There are many options on how best to spend a shrinking pot of public money. But if one of the goals is preserving fairness, safeguarding cohesion and ensuring that everyone – regardless of background – gets the best chance to thrive, Doncaster provides the perfect example of what not to do.Oh, oh!
It seems Peter Davies hasn’t been paying the Danegeld, and now the Danes are starting to…write angry ‘Guardian’ columns as a result:
Since May, Peter Davies has been the south Yorkshire town's elected mayor, representing the English Democrats. He has sought to make "soft" cuts – the kind that make ratepayers feel their money is not being wasted.That ‘representing English Democrats’ is a little ingenuous; as Mayor, he represents all of Doncaster.
So, what’s he cut, then, Hugh, that’s got your knickers in a twist?
Vital waste collection services? Meals-on-Wheels? Park services?
Here are some of the issues he has targeted: a gay pride event; translation of leaflets into minority languages; funding for Black History Month; jobs of diversity officers; funding of groups that do not specifically serve the majority "indigenous" population.Splendid!
Sounds like he’s targeting all those areas that don’t qualify as vital for council business, or apply to all people equally. And doing what he promised to do in his manifesto! What’s not to like?
Of course, Hugh is worried that this will catch on with other political leaders. And the people who make their living off this sort of thing are even more worried!
"The very area we should be strengthening -equality- is under the greatest threat," says Simon Woolley, coordinator of Operation Black Vote.I’ll let that sink in – ‘Operation Black Vote’…
Does it sound like something that would be required in 1960s Alabama? Do we not have equal voting rights? What’s the point of it, then?
Well, it’s ‘mission statement’ says:
“Operation Black Vote is the first initiative to focus exclusively on the Black democratic deficit in the UK. We believe that without a strong political voice for African, Asian, Caribbean and other ethnic minorities, the ideal of equality of opportunity - regardless of race and colour - will remain an ideal. ”So, it’s a special interest lobby group.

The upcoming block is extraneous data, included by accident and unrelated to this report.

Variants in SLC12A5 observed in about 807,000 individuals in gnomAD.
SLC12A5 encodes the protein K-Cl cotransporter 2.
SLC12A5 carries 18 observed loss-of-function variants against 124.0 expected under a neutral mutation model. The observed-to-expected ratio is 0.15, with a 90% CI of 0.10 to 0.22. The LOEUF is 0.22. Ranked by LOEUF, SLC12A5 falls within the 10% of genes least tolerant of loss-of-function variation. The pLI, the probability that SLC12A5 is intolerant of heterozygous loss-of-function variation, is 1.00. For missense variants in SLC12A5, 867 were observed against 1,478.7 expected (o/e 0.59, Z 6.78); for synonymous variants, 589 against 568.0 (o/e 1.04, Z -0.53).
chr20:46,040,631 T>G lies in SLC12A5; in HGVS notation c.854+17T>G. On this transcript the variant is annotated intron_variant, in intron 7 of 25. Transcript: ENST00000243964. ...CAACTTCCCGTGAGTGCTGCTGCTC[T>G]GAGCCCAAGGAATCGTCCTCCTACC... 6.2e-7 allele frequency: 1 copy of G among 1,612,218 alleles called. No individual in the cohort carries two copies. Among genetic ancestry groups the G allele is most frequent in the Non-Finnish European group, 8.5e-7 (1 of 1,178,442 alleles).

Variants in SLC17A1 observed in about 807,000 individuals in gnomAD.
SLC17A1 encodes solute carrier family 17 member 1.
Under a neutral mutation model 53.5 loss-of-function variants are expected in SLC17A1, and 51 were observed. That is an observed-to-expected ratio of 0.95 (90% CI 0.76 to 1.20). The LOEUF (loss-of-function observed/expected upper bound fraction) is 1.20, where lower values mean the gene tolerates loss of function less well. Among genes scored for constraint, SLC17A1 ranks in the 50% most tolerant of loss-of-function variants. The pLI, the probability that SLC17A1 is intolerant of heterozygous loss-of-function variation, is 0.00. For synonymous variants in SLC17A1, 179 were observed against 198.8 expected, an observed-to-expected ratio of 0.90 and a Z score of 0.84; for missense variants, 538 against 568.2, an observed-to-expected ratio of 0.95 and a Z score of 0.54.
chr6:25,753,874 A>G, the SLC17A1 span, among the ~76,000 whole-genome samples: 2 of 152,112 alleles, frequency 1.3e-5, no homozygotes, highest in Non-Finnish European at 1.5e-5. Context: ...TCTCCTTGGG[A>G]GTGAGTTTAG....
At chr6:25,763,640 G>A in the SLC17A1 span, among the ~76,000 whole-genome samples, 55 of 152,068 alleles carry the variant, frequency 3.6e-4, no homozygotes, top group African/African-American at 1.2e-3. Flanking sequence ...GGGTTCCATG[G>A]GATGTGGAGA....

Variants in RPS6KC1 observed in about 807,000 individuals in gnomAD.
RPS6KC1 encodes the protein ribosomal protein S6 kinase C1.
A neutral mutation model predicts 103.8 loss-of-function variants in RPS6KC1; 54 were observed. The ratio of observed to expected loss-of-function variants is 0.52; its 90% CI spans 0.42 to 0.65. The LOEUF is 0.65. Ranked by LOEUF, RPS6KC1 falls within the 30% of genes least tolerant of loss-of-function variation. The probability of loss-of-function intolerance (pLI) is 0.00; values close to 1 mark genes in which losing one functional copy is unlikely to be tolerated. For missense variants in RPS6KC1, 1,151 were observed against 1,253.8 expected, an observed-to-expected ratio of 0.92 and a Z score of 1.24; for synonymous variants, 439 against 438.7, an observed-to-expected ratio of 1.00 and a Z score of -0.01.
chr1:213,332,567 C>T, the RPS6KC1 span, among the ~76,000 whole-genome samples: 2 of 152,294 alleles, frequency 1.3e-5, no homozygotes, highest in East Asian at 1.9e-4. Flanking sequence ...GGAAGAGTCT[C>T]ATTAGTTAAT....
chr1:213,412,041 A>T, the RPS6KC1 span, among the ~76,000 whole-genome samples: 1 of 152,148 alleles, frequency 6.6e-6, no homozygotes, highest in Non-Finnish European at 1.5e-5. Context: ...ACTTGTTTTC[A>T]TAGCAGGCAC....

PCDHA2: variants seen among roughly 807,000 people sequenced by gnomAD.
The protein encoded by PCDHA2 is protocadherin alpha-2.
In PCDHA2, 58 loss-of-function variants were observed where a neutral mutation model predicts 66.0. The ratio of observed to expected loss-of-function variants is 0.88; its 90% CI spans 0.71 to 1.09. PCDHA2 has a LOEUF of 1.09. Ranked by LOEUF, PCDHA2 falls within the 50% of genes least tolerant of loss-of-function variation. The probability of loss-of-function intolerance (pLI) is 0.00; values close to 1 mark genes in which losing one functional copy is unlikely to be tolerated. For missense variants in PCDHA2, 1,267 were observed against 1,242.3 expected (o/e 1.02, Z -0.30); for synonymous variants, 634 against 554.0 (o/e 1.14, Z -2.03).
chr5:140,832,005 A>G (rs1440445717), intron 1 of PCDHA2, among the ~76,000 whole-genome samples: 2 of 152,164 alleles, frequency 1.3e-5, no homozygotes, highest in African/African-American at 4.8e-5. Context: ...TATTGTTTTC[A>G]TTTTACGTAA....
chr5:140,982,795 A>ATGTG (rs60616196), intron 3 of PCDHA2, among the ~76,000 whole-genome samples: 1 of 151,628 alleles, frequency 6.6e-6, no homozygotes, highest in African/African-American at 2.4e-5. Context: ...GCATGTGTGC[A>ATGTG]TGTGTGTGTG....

And so we certainly don’t need to fund it with public money.
"We get this wrong and those least likely to defend themselves will be readily thrown out of work, and find it most difficult to be re-employed.I’m not sure who will be ‘thrown out of work’ by these plans, other than the race hustlers and grievance mongers of course…
Furthermore, our inability to close the inequality gap could result in community antagonism, and in some places rising crime."
I’m not seeing that as a bug, more as a feature.
The decision for policymakers, at local and national level, should not be solely what a service costs, but what it is worth.And these things are worth a lot to you, Hugh, but not to the majority. Particularly the majority who are paying for them, yet see no benefit from them.
Not all grants to all minority groups are deserved or well spent; some have squandered the money or have been ineffective. But focus on the bulk of the money spent on community inclusion and cohesion. How much does an area such as, say, Tower Hamlets, east London, benefit from residents who do not have English as a first language being able to participate in the community?I don’t know, Hugh. Tell us.
But he doesn’t.
How much does London benefit from the £100,000 the Greater London authority grants to the annual gay and lesbian Pride event, in terms of what it says about the capital – let alone the financial gains to bars, shops and restaurants?Because people wouldn’t come to London to shop, eat and drink and see the sights, if not for Pride. It’d be a veritable ghost town, obviously…
Last chance, Hugh. Convince us:
…when community services are assessed, let us think of Jagtar Singh Dhindsa, who came to Britain without English as a first language. He benefited from funding– in his case, section 11 money that was channelled towards the education of young people from ethnic minorities and. Today, he is leader of the Labour group on Watford borough council and is chair of the National Association of Black, Asian and Ethnic Minority Councillors.That’s it?
The shining jewel in the crown of these projects is yet another token who wraps himself in his ethnic group in order to push forward Labour policies for his fellows?
If that doesn't represent best value for him and the wider community, what does?I can confidently say – pretty much anything…
The piece signs off with “Hugh Muir is a Guardian journalist”. Thanks for that.
However would we have known…?